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Title: The role, design and operation of distribution centres in agile supply chains
Author: Baker, Peter
Awarding Body: Cranfield University
Current Institution: Cranfield University
Date of Award: 2008
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The aim of this research is to explore the role of distribution centres (DCs) in agile supply chains, together with how they should be designed, operated and their performances measured within this context. The research is based, first of all, on a survey to ascertain the current situation, and then a series of case studies of international supply chains, DC designs, DC operations, and warehouse automation projects. The techniques used include questionnaires, semi-structured interviews, quantitative measures where appropriate and qualitative measures based on 5-point Likert scales. A number of constructs are used, particularly from supply chain agility and manufacturing agility literature, and these are refined and extended to form the basis for the research. The findings indicate that a prime role of distribution centres, particularly in terms of inventory-holding, is consistent with the decoupling point concept. Further roles for distribution centres in agile supply chains include cross-docking, postponement activities, and returns. The research identifies five types of agility, namely volume, time, unit quantity, presentation and information. The responses to these different types can then be categorised according to the combination of levels (i.e. supply chain, business unit, distribution network, and distribution centre), by the type of resource used (i.e. land / building, equipment, staff, and process / systems), and by how these are deployed (i.e. extra capacity, additional resources when needed, and flexible resources). Agility measurement can be undertaken using the categories of range, mobility and uniformity. With markets becoming more volatile, agility can offer a key source of competitive advantage. However, warehouses are by their nature long-term fixed assets and therefore difficult to incorporate into an agile strategy. The series of frameworks developed during this research begins to address this important area and thus forms a basis for further research as well as providing some initial frameworks to assist practitioners.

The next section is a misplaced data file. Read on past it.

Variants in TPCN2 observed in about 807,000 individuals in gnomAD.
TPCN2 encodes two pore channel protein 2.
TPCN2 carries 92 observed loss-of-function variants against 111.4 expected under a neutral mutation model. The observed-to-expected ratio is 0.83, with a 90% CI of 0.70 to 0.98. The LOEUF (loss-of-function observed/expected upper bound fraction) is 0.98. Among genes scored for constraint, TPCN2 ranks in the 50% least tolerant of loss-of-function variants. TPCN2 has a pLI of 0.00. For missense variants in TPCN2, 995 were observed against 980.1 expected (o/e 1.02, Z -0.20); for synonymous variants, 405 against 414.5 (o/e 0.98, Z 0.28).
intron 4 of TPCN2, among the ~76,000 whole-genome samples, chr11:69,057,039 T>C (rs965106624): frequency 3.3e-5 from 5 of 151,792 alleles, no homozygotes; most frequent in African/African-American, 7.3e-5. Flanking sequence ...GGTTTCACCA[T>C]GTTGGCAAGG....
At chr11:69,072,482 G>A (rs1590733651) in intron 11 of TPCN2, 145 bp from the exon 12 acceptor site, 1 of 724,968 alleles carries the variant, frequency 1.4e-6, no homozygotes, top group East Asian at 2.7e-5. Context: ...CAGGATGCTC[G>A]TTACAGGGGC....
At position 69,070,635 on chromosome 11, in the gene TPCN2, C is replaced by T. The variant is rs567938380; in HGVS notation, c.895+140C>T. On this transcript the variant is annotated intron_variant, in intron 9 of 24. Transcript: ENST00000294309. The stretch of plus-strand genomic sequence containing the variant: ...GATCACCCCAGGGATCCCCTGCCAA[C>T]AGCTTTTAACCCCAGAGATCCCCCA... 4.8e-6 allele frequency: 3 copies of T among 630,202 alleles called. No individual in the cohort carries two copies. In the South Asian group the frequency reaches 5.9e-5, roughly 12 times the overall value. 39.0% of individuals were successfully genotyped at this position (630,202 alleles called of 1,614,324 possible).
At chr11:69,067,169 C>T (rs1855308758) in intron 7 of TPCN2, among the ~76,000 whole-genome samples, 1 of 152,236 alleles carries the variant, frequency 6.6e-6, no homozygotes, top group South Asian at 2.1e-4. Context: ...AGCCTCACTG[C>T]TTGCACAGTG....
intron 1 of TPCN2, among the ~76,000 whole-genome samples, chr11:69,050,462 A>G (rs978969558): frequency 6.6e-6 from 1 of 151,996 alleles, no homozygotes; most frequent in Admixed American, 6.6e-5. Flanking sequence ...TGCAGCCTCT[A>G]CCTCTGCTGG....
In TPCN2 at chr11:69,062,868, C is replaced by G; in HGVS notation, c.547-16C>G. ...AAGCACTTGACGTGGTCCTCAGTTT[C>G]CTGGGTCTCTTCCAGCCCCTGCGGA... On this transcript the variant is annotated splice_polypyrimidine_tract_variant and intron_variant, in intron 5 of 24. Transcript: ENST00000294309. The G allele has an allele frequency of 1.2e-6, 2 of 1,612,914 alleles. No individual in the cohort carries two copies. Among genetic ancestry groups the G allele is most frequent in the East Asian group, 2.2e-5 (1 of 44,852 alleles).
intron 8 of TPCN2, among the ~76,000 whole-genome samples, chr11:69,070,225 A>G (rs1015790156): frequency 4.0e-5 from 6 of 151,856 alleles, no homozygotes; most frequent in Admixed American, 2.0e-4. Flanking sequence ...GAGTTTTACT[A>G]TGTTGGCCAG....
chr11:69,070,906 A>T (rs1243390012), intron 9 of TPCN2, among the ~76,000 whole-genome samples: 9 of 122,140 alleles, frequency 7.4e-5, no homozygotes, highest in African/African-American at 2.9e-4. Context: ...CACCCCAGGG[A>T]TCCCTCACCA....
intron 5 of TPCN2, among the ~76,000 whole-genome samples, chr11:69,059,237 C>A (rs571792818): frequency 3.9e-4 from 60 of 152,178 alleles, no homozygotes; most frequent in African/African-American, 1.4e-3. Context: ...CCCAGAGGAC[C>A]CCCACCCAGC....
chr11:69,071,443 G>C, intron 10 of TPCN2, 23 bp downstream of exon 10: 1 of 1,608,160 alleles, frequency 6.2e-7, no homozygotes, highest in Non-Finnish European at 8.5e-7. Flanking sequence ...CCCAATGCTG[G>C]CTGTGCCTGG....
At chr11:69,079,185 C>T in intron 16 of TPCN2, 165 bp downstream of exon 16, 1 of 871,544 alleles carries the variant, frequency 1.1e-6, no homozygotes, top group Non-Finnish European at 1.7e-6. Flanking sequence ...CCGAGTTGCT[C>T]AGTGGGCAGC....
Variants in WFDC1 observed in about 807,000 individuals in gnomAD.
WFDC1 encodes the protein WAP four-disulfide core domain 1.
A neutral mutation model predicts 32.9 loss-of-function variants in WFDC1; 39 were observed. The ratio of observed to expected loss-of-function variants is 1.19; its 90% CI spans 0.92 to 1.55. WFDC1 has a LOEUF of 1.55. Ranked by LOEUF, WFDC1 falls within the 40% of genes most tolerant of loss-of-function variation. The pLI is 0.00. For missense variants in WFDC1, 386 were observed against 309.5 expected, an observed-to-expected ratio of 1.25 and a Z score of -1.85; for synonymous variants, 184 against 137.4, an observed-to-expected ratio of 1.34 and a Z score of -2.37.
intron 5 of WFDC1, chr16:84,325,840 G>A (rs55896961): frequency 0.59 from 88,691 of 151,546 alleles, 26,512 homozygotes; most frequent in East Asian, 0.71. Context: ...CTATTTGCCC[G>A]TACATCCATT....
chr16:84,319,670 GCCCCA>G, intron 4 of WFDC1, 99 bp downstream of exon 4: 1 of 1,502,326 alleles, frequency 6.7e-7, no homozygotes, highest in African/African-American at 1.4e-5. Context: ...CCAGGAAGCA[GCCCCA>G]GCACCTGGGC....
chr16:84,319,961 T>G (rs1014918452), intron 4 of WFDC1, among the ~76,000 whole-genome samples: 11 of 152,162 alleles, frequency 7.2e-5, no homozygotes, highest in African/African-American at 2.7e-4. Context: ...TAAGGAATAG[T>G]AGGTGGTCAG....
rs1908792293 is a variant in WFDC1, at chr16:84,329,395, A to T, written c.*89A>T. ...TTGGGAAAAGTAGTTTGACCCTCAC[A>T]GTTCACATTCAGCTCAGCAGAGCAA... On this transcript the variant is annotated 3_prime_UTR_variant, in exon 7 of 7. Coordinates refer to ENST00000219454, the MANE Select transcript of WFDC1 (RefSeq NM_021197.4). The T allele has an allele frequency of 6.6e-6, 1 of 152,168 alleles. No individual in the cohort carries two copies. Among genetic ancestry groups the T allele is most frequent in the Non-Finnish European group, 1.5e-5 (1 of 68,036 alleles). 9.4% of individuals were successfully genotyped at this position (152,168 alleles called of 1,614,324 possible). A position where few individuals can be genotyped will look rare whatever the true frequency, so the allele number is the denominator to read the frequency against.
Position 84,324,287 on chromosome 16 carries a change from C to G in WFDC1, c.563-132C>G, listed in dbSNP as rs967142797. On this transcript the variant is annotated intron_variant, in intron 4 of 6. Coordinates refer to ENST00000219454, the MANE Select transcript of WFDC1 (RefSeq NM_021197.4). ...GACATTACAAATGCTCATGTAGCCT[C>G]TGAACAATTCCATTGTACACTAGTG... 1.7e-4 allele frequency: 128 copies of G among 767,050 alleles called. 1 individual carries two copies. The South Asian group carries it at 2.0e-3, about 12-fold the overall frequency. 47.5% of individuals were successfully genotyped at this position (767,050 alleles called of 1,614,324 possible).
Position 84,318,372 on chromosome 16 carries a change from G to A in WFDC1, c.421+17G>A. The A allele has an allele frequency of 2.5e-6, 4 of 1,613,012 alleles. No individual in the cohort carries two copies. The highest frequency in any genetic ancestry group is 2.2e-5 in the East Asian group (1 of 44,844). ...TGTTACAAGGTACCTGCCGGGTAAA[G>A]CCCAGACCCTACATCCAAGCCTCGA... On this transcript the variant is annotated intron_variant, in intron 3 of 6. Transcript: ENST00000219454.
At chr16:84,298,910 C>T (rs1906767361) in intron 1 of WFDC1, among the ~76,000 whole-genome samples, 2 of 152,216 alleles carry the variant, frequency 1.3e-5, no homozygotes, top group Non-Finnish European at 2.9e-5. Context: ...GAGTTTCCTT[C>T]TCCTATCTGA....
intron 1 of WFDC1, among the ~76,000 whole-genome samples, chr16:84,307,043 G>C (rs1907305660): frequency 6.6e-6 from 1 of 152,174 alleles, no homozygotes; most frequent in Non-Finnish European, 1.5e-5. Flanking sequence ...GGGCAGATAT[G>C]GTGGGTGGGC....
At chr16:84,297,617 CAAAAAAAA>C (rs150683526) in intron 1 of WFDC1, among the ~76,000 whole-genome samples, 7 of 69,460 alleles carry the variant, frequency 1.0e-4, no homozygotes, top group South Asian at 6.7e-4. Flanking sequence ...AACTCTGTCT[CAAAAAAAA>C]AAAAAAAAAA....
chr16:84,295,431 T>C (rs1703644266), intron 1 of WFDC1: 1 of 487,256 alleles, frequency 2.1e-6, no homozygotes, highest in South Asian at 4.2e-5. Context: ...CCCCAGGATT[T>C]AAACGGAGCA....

Supervisor: Christopher, Martin Sponsor: Not available
Qualification Name: Thesis (Ph.D.) Qualification Level: Doctoral
EThOS ID:  DOI: Not available